Tug Use Offshore, Bays and Rivers, Nautical Institute, 2006
The authors cover in considerable detail the methods which are used to maneuver tugs and tug/barge combinations. The book covers Boat Handling; Towing Equipment; Ocean Towing; Towing and Maneuvering in harbors, bays and river; Towing close astern, North American, Canadian and European approaches; Multiple barge towing; Emergency ship towing; Dead ship towing; Watch standing priorities when towing; and Command.
The forward written by Rear Admiral D.G. Ramsey states “The authors of this book display a deep understanding of the difficulties that can be encountered when undertaking any towing assignment. They provide, in a most comfortable way, the physics of tugs, barges, and two units acting together.” The book has been noted in book review sections of The Journal Of Maritime Law & Commerce, The Professional Mariner Magazine, Seaways Magazine, etc.
The following is a review of Tug Use Offshore by Alan Haig-Brown:
From Baird Maritime:
Subtitled The Towmaster’s Manual, Tug Use Offshore, In Bays and Rivers is more than a simple “how to” text book. The technical detail of boat handling covered in the book is extensive, comprehensive and detailed. At the same time there are great sea stories to illustrate each of the 12 chapters. A good many of these are from the authors’ own experiences while others are from noted master mariners in various locals and still others are gleaned from various inquiries into actual incidents. The result is a book that is more readable than one might expect from an ordinary textbook.
A listing of some chapters gives a good idea of the book’s comprehensive nature: Boat handling; Towing equipment; Ocean towing; Towing and manoeuvring barges in harbours, bays and rivers; Towing close astern; Multiple barge towing; Special tows and disabled ships; Flat towing/dead ship movement; Pivot point; Watch standing priorities when towing; Command.
The chapters are well illustrated in many cases with the authors’ own photos and in other instances with those of colleagues. When the authors are not themselves fully experienced in a particular technique they have gone to someone with more knowledge.
This was the case in consulting Canadian Don Larson on the subject of controlling a barge close astern by winching the barge right snug with the stern of the tug when manoeuvring near a dock. At other times the authors cite their own extensive experience on the west coast of the United States. A section on bar crossings with ocean barges includes detailed discussions of each of the five major west coast bars from Grey’s Harbour in the north to San Francisco in the south.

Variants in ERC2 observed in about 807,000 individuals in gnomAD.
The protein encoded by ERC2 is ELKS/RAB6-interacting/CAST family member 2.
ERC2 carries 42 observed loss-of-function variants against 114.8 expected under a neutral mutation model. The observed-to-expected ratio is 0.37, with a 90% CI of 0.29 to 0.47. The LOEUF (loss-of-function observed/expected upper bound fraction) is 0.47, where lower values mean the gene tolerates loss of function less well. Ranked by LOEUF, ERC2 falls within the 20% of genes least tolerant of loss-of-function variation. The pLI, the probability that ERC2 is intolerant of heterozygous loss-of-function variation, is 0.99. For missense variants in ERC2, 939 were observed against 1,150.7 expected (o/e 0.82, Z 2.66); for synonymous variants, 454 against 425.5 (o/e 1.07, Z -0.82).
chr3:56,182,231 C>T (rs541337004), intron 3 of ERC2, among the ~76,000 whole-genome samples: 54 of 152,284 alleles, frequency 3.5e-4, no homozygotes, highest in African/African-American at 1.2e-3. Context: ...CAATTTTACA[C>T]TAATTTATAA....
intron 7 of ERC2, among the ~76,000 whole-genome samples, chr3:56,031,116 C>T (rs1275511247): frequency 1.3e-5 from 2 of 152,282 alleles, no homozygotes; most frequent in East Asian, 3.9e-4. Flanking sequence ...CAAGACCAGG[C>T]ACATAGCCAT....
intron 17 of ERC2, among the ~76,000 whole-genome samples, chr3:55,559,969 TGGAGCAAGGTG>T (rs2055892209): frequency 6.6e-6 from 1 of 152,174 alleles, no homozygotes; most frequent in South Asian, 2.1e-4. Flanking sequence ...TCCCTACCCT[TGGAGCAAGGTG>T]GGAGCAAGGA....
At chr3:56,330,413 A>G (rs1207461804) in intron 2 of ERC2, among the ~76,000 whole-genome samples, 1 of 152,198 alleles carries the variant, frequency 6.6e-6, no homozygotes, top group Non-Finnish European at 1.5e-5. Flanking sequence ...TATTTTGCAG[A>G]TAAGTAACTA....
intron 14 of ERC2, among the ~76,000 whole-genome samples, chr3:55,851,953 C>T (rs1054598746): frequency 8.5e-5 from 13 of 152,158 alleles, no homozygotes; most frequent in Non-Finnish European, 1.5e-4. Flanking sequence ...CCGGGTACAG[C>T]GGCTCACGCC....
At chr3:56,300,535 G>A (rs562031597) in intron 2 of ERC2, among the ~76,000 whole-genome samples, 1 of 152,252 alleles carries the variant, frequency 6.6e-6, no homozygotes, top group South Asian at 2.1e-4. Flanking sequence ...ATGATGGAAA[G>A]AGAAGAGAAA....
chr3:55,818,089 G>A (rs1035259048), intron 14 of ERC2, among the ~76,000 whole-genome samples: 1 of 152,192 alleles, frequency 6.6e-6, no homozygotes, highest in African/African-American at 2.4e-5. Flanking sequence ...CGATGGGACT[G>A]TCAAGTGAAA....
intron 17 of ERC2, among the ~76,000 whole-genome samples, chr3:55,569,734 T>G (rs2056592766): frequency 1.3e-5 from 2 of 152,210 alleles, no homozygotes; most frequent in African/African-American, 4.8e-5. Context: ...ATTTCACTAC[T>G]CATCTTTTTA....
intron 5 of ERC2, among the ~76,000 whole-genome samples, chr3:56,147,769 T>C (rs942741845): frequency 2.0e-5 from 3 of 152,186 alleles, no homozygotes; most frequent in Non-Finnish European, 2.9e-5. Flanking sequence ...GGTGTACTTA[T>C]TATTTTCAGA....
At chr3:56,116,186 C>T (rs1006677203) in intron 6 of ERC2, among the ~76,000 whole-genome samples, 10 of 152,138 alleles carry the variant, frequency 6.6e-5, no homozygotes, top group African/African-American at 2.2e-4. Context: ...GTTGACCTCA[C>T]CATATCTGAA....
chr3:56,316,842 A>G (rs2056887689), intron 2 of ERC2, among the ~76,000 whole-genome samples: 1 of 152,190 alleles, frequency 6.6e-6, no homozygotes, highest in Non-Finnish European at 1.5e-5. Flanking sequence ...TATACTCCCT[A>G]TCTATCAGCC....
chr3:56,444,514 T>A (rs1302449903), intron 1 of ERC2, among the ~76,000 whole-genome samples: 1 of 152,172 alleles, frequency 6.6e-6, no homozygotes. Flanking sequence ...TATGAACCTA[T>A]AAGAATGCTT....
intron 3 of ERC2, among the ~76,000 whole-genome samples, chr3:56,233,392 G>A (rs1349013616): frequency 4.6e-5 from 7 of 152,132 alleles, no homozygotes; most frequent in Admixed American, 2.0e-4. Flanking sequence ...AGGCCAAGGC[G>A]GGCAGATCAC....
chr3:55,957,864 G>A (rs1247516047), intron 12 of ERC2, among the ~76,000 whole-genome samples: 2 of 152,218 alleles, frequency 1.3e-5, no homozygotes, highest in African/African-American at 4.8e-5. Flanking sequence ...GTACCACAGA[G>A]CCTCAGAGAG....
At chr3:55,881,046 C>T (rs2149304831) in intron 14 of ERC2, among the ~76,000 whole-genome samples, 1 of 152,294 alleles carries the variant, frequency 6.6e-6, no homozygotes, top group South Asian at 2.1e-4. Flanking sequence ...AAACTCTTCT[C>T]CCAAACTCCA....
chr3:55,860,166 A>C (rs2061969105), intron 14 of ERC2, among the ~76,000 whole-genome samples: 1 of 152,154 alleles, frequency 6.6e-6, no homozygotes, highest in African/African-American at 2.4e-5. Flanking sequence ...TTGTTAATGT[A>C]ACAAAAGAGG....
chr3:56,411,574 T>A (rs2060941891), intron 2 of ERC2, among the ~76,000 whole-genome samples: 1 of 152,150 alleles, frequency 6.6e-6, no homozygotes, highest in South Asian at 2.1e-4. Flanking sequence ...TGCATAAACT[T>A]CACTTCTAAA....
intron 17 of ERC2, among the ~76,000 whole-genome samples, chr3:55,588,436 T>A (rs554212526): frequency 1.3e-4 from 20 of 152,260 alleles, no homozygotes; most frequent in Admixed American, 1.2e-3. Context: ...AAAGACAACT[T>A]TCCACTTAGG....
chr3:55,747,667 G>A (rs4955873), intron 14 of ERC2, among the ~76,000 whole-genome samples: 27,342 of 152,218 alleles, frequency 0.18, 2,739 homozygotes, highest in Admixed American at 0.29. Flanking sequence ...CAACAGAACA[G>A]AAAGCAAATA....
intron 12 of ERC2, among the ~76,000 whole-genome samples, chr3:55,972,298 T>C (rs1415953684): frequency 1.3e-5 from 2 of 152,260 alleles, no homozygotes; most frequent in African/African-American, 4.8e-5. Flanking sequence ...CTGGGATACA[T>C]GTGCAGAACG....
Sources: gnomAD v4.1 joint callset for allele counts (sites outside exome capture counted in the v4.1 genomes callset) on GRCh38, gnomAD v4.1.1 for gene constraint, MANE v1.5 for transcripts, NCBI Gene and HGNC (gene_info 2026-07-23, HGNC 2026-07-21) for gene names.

The descriptions may in some cases cite the Coast Pilot but always they add more detail. Case studies of actual incidents that have occurred on the river bars are presented in sidebars to the on going text. It is clear in these accounts that the authors have been there in good weather and foul. The tone of their teaching is well expressed in this paragraph on bar crossings:
“There is a fine line for the master in the winter. Caution needs to be exercised, but at some point the bar must be crossed. Be mentally prepared and aggressive enough to go when the one opportunity presents itself. Being too timid in the winter can lead to more problems later. The key to successful winter towing in the northwest is being ready to get across the bars when the weather windows open.”
This balancing of the objective descriptions on navigation and boat handling skills with the more subjective discussion of attitude and mental readiness is what distinguishes this text from many others in the field. At the same time it contains a highly detailed index that allows quick and ready reference to specific subjects from “abating weather” to “Z-drive.”
Throughout the book numerous other texts are quoted and they are all included in an extensive bibliography. A half dozen Appendix cover topics from the New Towing License requirements of the USCG to a manual for conducting mariner assessments.
It happened that this reviewer was onboard Western Towboat’s tug ‘Pacific Titan’ while preparing this review. This gave me an opportunity to get the opinion of a highly regarded master mariner Capt. Doug Myers. His initial reaction was hesitation at the idea of teaching the most essential aspects of boat handling from a book. But as he read through it his opinion rapidly shifted, “I am only at page 47,” he told me, “And already I want to buy my own copy.”
At the time we were rolling around in an easy ground swell off Pine Island in Queen Charlotte sound at the beginning of a ten-day trip. The book had passed the peer test - buy it.
Ordering this book
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